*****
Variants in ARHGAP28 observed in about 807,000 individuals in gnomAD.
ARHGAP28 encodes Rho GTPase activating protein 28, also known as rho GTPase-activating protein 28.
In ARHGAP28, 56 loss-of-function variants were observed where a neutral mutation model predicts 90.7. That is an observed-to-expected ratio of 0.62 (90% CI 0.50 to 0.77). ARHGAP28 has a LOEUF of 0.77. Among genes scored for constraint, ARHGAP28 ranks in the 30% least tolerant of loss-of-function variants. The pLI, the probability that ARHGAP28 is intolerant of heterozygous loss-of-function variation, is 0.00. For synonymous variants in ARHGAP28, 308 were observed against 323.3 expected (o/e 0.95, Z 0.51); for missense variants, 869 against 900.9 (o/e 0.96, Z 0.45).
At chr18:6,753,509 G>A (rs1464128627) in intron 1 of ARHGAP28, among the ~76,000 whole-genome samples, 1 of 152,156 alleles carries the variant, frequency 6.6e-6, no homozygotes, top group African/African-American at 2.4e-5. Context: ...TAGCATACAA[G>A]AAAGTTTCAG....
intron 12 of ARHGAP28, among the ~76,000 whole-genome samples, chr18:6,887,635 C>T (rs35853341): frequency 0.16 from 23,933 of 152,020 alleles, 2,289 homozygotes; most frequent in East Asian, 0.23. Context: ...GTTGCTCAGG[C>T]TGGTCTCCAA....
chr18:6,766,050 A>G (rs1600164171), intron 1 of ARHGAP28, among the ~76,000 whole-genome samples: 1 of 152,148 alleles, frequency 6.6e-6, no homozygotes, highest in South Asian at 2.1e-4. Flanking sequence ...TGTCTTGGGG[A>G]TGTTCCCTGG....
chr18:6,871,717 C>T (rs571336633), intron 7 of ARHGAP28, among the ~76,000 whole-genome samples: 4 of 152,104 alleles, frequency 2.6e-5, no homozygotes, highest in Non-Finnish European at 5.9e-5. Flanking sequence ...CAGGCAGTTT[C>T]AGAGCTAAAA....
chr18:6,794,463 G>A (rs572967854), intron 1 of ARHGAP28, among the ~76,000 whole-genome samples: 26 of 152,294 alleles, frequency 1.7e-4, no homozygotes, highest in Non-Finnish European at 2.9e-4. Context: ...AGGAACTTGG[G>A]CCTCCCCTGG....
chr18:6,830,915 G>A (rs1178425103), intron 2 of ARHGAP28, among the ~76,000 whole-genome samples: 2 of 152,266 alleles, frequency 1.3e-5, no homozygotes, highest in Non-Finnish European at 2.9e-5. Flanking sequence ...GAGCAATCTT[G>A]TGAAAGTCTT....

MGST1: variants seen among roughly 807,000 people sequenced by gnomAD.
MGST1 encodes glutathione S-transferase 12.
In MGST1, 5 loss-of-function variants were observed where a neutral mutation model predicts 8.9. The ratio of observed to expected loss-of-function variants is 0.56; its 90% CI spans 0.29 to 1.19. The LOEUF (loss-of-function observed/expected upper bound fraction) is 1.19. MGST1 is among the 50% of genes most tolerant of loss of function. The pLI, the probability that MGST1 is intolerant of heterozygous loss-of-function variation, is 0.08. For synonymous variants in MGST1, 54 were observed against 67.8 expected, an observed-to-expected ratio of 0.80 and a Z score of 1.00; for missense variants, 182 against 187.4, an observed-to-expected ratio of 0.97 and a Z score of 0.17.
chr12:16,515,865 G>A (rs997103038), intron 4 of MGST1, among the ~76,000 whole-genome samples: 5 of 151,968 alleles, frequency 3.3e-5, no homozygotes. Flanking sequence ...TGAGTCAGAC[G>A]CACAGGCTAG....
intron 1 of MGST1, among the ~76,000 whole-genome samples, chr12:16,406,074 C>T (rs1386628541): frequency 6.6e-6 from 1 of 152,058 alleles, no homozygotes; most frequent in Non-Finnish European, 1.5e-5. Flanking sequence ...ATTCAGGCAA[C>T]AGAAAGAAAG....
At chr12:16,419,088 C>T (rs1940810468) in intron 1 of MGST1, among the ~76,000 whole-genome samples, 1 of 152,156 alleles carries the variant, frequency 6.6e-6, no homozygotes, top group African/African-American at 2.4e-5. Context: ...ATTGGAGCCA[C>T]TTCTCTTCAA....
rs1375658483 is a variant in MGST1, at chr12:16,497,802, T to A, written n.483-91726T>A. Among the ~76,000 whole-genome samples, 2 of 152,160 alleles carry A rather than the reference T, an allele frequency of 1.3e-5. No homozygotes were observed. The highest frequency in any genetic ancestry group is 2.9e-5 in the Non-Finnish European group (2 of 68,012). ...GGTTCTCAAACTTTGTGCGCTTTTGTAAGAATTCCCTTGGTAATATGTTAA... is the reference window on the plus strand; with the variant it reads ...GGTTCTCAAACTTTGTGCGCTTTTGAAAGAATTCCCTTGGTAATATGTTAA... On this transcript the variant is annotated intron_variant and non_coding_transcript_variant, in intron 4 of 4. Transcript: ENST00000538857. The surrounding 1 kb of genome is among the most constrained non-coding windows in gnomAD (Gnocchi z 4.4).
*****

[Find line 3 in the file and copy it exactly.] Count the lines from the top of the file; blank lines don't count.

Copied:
In ARHGAP28, 56 loss-of-function variants were observed where a neutral mutation model predicts 90.7. That is an observed-to-expected ratio of 0.62 (90% CI 0.50 to 0.77). ARHGAP28 has a LOEUF of 0.77. Among genes scored for constraint, ARHGAP28 ranks in the 30% least tolerant of loss-of-function variants. The pLI, the probability that ARHGAP28 is intolerant of heterozygous loss-of-function variation, is 0.00. For synonymous variants in ARHGAP28, 308 were observed against 323.3 expected (o/e 0.95, Z 0.51); for missense variants, 869 against 900.9 (o/e 0.96, Z 0.45).